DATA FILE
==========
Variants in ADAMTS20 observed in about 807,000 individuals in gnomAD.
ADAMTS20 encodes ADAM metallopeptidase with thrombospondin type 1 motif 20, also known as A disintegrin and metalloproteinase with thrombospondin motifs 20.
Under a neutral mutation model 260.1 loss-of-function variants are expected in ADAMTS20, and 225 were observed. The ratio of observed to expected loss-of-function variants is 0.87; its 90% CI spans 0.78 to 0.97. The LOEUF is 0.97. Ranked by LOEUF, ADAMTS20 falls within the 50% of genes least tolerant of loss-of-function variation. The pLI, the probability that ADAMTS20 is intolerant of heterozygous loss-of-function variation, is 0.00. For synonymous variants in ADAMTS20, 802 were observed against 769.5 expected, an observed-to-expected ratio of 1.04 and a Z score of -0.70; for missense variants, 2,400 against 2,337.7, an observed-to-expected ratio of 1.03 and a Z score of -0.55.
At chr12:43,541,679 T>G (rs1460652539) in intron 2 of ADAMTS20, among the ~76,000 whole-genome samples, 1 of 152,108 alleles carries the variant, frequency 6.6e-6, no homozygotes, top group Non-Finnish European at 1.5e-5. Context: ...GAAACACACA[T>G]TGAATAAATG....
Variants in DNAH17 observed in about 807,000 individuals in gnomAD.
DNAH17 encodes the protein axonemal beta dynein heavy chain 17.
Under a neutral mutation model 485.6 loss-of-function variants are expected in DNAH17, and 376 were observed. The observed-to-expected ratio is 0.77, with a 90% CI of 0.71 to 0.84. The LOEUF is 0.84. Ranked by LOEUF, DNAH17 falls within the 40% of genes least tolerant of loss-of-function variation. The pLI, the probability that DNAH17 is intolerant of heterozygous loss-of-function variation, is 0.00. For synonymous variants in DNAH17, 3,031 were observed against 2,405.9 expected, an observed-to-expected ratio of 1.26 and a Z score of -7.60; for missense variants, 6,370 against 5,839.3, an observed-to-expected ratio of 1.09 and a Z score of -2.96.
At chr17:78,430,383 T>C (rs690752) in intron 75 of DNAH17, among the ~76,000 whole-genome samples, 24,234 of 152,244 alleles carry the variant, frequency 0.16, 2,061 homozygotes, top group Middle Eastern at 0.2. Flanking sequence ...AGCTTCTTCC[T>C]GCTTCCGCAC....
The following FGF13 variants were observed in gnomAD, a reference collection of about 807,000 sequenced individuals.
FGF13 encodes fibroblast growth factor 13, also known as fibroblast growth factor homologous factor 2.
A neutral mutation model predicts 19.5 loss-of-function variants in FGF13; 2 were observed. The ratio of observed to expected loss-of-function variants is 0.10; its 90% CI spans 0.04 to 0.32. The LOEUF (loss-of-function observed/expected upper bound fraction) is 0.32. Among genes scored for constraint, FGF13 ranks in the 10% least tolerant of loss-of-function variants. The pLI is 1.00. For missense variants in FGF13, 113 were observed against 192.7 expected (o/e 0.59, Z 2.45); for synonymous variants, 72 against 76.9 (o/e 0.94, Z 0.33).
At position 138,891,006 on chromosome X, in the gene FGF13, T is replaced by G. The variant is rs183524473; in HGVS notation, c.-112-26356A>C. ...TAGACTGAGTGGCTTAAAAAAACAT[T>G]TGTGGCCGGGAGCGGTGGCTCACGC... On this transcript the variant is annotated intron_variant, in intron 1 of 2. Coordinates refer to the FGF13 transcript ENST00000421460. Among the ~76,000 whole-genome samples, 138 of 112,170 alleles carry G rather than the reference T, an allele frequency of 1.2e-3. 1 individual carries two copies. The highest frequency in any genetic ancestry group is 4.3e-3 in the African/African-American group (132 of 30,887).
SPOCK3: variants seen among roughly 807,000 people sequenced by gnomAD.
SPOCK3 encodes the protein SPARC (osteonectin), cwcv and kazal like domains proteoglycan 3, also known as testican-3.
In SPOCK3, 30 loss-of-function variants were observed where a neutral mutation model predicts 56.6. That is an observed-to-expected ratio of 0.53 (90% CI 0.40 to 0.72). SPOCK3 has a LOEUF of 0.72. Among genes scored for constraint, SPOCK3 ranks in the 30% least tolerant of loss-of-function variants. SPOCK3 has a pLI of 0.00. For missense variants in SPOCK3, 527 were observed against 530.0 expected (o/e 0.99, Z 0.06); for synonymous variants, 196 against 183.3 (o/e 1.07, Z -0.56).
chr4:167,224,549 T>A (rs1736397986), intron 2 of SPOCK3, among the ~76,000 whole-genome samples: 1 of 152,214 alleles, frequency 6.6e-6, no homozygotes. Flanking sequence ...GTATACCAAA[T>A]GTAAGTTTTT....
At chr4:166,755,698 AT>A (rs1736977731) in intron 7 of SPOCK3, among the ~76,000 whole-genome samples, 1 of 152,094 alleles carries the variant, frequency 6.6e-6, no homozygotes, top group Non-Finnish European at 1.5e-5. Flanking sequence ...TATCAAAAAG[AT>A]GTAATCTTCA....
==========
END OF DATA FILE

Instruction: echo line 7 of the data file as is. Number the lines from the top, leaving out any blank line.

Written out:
Under a neutral mutation model 485.6 loss-of-function variants are expected in DNAH17, and 376 were observed. The observed-to-expected ratio is 0.77, with a 90% CI of 0.71 to 0.84. The LOEUF is 0.84. Ranked by LOEUF, DNAH17 falls within the 40% of genes least tolerant of loss-of-function variation. The pLI, the probability that DNAH17 is intolerant of heterozygous loss-of-function variation, is 0.00. For synonymous variants in DNAH17, 3,031 were observed against 2,405.9 expected, an observed-to-expected ratio of 1.26 and a Z score of -7.60; for missense variants, 6,370 against 5,839.3, an observed-to-expected ratio of 1.09 and a Z score of -2.96.